So yes, piracy does, in a few cases, mean a lost sale. But for the most part, it just indicates that the creator doesn't know his audience, or that there was no chance of a sale in the first place.

Personally, my shelves at home are covered in things I bought that I would not have even known about if it weren't for piracy when I was young and broke. It's probably too much for individual authors to have a holistic viewpoint about piracy, but I know that anime companies in Japan understand it. Most of them turn a blind eye to piracy and use it for free advertising. Some of them eventually turn that eye back and ask the pirates to stop, but this is only once world-wide distribution starts. By then, the free advertising is over with and they've gotten about as much as they can from it. Notice that I say 'ask' and not 'take legal action', too. Because in that world, the pirates (for the most part) respect the companies as well. It's been that way for decades now and shows no signs of falling apart.

Re:If the formula is flawed the result means nothi (2, Insightful)

matthewmacleod (1711466) | more than 4 years ago | (#30622540)

He didn't make any such assumption. You can't put words into people's mouths then complain that they're wrong!

Re:If the formula is flawed the result means nothi (1)

Zero__Kelvin (151819) | more than 4 years ago | (#30622654)

FTA: "And it's not just bestsellers that are targeted by thieves."

"He didn't make any such assumption. You can't put words into people's mouths then complain that they're wrong!"

Well I could actually, but it turns out it wasn't necessary, since I actually read and understood the article. Your mileage clearly varies. (The article is wought with statements based on this assumption, by the way. I just picked one from the actual author, lest you come back and say "that was merely a quote which he made no effort to debunk!")

Re:If the formula is flawed the result means nothi (1)

elhondo (545224) | more than 4 years ago | (#30622666)

I don't know if you've ever read a Dan Brown novel, but I can certainly state from first hand experience that after doing so, I'm now far less likely to buy any of his other works.

Re:If the formula is flawed the result means nothi (1)

Zero__Kelvin (151819) | more than 4 years ago | (#30622692)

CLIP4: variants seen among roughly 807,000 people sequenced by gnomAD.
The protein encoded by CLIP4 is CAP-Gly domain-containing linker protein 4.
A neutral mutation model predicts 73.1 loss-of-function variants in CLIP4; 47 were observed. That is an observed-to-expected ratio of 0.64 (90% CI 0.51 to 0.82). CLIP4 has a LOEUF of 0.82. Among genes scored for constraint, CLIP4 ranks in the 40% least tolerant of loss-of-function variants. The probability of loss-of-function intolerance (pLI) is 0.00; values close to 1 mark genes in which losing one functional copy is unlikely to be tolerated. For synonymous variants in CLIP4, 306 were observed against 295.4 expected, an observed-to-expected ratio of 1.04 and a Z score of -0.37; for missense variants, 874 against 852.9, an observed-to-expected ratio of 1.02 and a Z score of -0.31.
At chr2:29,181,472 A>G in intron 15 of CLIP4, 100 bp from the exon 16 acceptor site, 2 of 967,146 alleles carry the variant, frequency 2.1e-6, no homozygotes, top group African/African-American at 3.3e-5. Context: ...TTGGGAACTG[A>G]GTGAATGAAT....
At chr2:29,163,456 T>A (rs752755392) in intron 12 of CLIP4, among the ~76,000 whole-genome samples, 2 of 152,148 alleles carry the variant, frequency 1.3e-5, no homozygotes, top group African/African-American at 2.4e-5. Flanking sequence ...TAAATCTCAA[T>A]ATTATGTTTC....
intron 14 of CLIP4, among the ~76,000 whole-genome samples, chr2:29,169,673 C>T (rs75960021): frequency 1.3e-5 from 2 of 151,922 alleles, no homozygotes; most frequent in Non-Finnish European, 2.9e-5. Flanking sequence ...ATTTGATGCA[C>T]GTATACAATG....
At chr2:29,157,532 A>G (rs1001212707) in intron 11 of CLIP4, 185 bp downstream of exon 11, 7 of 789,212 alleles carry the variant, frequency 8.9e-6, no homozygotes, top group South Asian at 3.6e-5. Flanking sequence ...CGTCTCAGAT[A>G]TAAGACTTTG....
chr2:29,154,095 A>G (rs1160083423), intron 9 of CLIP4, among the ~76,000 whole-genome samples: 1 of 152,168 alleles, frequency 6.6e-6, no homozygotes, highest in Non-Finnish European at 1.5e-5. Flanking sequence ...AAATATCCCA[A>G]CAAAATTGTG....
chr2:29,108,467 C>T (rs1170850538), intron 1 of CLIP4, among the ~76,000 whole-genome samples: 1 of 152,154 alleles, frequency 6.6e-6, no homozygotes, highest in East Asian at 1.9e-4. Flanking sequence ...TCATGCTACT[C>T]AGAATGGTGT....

Actually I have read one of Dan Browns books, but I pirated it from the library ;-)

Re:If the formula is flawed the result means nothi (0)

Anonymous Coward | more than 4 years ago | (#30622690)

This person makes the very false assumption that, when someone tells you and another friend that they read this great book for free but didn't care enough to actually buy it because they expect you to, that you will actually buy it rather than also downloading it because you don't consider yourself inferior to that person. Even though both of you may have otherwise bought the book had you not heard about your friend getting it for free.

No, 100,000 downloads doesn't necessarily equal 100,000 lost sales. It's more likely to mean 300,000 people who expect the rest of the world to support their interests financially because they can't be assed, and they have a superiority complex. That's 300,000 people who have no moral issue with getting something for nothing while everyone else has to pay. And worst of all, it's 300,000 people who are unfortunately allowed to vote.

Text Books (1)

Niris (1443675) | more than 4 years ago | (#30622390)

I kind of find it funny that they're complaining about text books being pirated. After all they've been charging far too much for them for a very long time, and it's ridiculous since the people they're trying to screw over are students. If your parents aren't rich and paying for everything for you at school, you have to work to pay rent, food, bills and for classes/tuition, and a lot of those students can't get loans if their parents aren't on the up and up, so it's practically criminal that the text books would cost that much for how cheap they are to print.